AUGUSTA – Test scores from the 2015 National Assessment of Educational Progress (NAEP), in grades 4 and 8, released today show Maine remains above the national average even as mathematics scores slightly declined and reading scores saw no statistical change.
The NAEP assessment is a 90 minute paper and pencil test providing a national yard stick of student achievement since 1969. This test is administered in grades 4 and 8 in randomly selected schools every other year. In Maine, about 2,500 students participated in each subject area, at each grade level. This assessment is consistent in all states including Department of Defense schools.
Acting Education Commissioner Bill Beardsley said, “The greatest value of NAEP is it is a consistent, basic measurement that is designed to provide teachers, school administrators, parents, and business and community members a look at how Maine is doing compared to other states, and can be used for general comparison with other countries as well.”
Grade 4 Mathematics: The percentage of students in Maine who performed at or above the NAEP proficient level was 41% in 2015, a percentage smaller than 47% in 2013, and greater than 2000’s score of 23%.
Grade 8 Mathematics: The percentage of students in Maine who performed at or above the NAEP proficient level was 35% in 2015, a percentage smaller than 40% in 2013, and greater than 2000’s score of 30%.
Grade 4 Reading: The percentage of students in Maine who performed at or above the NAEP proficient level was 36% in 2015. The percentage was not significantly different from that of 37% in 2013 and 35% in 1998.
Grade 8 Reading: The percentage of students in Maine who performed at or above the NAEP proficient level was 36% in 2015. This percentage was not significantly different than that of 38 % in 2013 and 41% in 1998.
Nationally, there have always been large performance gaps between students eligible to receive free or reduced lunch and those not eligible. According to 2015 NAEP data, 42% of Maine’s students are eligible for free and reduced lunch. The performance gap between these two groups of students is one of the smallest in comparison to most other states.
Mathematics: To support teachers in their learning and implementation of more rigorous standards, Maine Department of Education has created a host of Mathematics Professional Development Opportunities for 2015-16. Among the offerings are:
- “Connecting Mathematics Instruction to Support Student Understanding and Engagement Series,” a three part series utilizing Principles to Action: Ensuring Mathematical Success for All.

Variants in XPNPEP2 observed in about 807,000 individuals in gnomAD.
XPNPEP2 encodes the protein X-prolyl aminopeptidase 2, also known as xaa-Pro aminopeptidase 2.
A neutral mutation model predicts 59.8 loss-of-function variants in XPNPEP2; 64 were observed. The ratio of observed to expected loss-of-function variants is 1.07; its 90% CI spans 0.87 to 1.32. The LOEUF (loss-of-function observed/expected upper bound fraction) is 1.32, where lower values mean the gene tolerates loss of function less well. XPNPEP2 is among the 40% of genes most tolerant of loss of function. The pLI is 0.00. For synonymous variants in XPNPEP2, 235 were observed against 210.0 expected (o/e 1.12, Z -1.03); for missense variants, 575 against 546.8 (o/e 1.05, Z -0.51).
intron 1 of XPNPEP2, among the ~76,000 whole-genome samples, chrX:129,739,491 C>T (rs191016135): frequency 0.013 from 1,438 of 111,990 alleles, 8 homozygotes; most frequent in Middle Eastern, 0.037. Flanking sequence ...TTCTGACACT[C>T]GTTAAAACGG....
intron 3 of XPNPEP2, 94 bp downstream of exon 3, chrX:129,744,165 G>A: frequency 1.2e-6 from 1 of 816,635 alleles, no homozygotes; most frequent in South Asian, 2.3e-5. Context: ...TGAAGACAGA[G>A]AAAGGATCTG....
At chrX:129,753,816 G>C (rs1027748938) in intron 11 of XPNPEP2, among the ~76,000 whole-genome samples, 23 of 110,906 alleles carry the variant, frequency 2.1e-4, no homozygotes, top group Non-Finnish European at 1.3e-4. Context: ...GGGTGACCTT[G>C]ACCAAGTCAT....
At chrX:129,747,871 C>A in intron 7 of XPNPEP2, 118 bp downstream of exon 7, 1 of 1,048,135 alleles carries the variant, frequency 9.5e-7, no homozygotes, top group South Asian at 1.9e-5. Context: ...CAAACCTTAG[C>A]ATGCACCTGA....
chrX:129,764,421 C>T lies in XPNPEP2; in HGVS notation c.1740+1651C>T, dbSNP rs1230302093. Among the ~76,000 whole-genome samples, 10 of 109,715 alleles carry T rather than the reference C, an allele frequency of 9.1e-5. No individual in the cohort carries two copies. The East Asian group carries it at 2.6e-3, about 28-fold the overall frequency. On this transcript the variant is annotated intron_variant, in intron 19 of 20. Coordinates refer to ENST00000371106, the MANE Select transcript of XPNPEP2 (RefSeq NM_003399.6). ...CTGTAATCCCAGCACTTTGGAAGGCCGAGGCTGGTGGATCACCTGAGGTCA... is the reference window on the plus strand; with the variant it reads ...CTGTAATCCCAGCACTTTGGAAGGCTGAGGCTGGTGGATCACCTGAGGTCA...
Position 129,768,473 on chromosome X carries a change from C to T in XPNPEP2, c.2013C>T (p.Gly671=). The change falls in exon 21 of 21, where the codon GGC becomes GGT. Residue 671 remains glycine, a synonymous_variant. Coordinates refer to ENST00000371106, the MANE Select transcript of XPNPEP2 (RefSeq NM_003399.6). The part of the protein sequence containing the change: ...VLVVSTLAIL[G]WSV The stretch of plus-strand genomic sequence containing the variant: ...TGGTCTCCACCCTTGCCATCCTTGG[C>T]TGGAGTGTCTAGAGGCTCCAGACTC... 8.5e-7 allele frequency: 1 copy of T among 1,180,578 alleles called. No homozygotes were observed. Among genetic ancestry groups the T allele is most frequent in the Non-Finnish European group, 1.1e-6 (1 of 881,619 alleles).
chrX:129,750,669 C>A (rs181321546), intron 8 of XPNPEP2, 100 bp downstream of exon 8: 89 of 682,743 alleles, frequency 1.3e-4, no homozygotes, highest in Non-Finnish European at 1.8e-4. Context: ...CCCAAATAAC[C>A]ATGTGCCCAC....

- A Maine Mathematics Coaching Program in conjunction with the University of Maine, Farmington.
- Creating leaders in mathematics instruction with University of Maine, Farmington’s Certificate in Math Leadership program.
- Maine Teachers Instructional Practice Network, supporting change in instructional practice in collaboration with the Association of Teachers of Mathematics in Maine (ATOMIM).
- Developing and Supporting Assessment Practices (DSAP), focusing on implementing formative assessment into instruction.
- Hiring of a second mathematics specialist to specifically focus on K-5.
Reading: With greater focus on helping all Maine students have experiences with building their academic vocabulary and knowledge across content areas, Maine Department of Education continues to offer:
- The Cross Disciplinary Literacy Network (CDLN) offering opportunities to foster literacy practices that support learning across content areas.
- Developing and Supporting Assessment Practices (DSAP) focusing on implementing formative assessment into instruction.
- Literacy Links, a bi-monthly electronic newsletter, focusing on formative assessment strategies appropriate for English language arts instruction that help to guide day-to-day instruction.
- Over the course of the year, teacher leaders will work with Maine DOE’s ELA specialists on instructional resources demonstrating the intended rigor of the standards as follow up to annual Summer Literacy Institutes.
- Literacy for ME unifies the continuing efforts of various stakeholders to address the increasing demands of literacy skills.
NAEP is a well-established common measure of student achievement across the country. Beardsley said, “Since all states approach standards differently, NAEP is important to states because it uses a single NAEP-developed measuring stick to allow comparison of progress between states, and it is not intended to replace each state’s unique learning standards and assessments.”
The National Assessment of Educational Progress (NAEP) is known for its ongoing assessment of what America’s students know and can do in various subject areas. In 2017, for the first time across the nation, students will take NAEP online.
For more information contact: Director of Communications, Anne Gabbianelli at email@example.com or call 624-6747.